In an interview with ETMarkets, Arora has over two decades of experience across institutional research and retail research, investment banking, and corporate finance, said: “Wealth creation in the equity market is a mix of variables which are in an individual’s control and certain variables which are not as much” Edited excerpts:
India has turned out to be the bright spot in the global arena. What is driving the outperformance? How do you see markets in the medium term?
India today is a preferred global investment destination with its unwavering commitment to economic reforms and improvement in the ease of doing business.
Investor-friendly government policies that allow for 100% foreign direct investment under the automatic route, PLI schemes across sectors, a young population, strong fundamentals, growing domestic-demand-led growth coupled with increasing emphasis on export share globally are driving outperformance.
The government’s excise duty cuts, export duty increases, export bans and normal monsoon expectations have adroitly arrested the rising inflationary trend.
The current inflation in India at @7% is lower than that in US and Europe, something that was unthinkable till a couple of months back.
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The inherent strength of our economy is also reflected in our currency value, which has unlike other major currencies, not depreciated materially against the USD despite huge FII outflows every month since Oct ‘21.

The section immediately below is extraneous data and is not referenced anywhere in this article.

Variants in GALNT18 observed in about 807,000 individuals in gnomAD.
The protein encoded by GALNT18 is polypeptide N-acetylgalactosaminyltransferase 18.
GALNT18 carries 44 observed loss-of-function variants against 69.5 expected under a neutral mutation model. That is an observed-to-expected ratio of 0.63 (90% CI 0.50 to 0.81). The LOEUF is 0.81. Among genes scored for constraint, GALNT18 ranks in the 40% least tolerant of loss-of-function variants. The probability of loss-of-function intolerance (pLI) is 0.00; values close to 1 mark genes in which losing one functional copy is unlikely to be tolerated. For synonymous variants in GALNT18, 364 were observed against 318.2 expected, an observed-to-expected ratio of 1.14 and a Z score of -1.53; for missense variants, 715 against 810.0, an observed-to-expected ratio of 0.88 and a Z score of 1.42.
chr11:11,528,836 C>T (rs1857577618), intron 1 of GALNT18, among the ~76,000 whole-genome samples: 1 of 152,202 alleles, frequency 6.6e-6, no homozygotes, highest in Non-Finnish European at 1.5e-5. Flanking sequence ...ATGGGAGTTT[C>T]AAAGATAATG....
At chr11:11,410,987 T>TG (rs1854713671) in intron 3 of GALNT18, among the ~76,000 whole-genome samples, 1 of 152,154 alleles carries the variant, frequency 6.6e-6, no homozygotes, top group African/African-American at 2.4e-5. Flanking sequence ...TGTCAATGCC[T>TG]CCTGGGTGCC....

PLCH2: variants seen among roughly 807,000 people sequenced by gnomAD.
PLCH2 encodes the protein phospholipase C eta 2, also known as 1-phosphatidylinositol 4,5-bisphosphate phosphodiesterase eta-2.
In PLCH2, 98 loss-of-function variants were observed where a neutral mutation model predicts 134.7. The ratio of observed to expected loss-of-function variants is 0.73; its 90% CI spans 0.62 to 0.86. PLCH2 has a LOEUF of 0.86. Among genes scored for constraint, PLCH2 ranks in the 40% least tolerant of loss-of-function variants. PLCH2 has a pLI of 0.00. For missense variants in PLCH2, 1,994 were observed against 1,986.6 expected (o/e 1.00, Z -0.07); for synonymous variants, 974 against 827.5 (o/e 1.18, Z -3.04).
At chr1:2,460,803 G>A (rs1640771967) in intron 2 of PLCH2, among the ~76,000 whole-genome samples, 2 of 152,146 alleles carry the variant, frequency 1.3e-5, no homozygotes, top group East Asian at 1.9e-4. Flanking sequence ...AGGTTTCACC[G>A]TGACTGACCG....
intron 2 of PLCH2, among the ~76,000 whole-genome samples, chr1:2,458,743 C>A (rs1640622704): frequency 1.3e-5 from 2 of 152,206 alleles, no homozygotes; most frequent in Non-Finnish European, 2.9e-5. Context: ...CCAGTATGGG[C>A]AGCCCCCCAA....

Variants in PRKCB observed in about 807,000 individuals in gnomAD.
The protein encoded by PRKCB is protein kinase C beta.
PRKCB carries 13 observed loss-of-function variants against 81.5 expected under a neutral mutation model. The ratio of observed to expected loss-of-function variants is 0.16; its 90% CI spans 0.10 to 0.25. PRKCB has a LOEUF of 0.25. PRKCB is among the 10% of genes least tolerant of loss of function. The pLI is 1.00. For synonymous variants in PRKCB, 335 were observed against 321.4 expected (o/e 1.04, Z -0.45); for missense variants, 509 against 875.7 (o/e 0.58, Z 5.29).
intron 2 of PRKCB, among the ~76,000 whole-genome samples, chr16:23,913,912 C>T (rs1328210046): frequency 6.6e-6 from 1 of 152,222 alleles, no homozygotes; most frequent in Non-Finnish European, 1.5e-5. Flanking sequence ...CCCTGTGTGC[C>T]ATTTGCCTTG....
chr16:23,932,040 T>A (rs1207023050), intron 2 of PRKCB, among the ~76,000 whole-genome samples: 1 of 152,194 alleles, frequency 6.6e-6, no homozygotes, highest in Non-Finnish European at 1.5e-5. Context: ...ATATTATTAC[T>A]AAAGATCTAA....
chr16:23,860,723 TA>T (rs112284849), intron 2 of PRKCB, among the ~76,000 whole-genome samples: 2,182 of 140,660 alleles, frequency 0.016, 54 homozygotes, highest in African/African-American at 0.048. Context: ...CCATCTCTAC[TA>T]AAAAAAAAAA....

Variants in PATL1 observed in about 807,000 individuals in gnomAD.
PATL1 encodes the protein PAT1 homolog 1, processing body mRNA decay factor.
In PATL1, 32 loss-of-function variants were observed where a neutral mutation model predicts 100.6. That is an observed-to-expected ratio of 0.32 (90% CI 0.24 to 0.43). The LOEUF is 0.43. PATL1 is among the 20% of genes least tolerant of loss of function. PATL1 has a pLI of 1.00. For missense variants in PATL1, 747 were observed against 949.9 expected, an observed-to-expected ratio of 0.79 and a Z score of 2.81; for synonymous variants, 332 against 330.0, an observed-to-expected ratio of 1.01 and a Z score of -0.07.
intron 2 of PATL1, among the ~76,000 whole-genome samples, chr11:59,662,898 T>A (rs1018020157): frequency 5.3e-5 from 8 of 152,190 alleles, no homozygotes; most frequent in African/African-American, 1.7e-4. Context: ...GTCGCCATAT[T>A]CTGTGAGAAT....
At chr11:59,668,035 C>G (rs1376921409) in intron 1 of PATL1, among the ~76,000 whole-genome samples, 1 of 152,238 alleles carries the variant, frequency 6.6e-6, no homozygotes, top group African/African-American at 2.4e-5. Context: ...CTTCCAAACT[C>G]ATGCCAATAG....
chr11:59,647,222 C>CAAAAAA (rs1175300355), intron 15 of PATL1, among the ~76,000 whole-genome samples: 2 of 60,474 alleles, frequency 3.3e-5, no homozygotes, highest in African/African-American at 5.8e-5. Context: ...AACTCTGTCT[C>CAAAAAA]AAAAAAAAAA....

India’s forex reserves of ~$550bn is quite healthy and sufficient to manage any forex volatility.
At an average FY23 GDP forecast of 7%, India will be the fastest growing among large economies in the world (the next highest is China at sub 4%), as well as much higher than the global GDP forecast of 3.5%.
How to spot potential wealth creators of the future? What filters do you use?
Our strategy at Research & Ranking remains aligned with adopting a long-term approach and the focus is on identifying fundamentally rock-solid companies with favourable business conditions to generate a healthy alpha.
We adopt a 10-core-rule strategy on both qualitative and quantitative measures to shortlist stocks.
The quantitative parameters include ROE, ROCE, the number of years positive free cash flow (FCF) delivered, sales & PAT CAGR, Beta level and more while some of the qualitative factors cover corporate governance, management quality, company’s competitive market positioning etc.
Our portfolios are bucketed in three categories – Structural growth where we take a 3-5-year view on a stock, momentum where we take a 1-2 year view on a stock and Special Opportunity where the approach is up to one year.
There is plenty of action in the consumer discretionary space. What is driving rally in this sector and are there any stocks which are looking attractive?
The festive season has brought significant cheer with celebrations after two years of disruptions thus fueling demand for discretionary categories like apparel, jewellery, footwear, retail, hotels etc. The expected strong earnings outlook has led to a run up in most stocks in the discretionary space.
The buoyancy is expected to continue in the near to mid-term. From a long-term portfolio construct, we prefer names in high-growth industries, increasing the size of the pie due to shifting from unorganized to organized, dominant franchise, right-to-win, able leadership, and superlative earnings growth potential.
India’s per capita doubling in the next few years from $2000 currently will continue to be a dominant theme in the foreseeable future and thus this rally has more legs in our view from a 2-3 year view.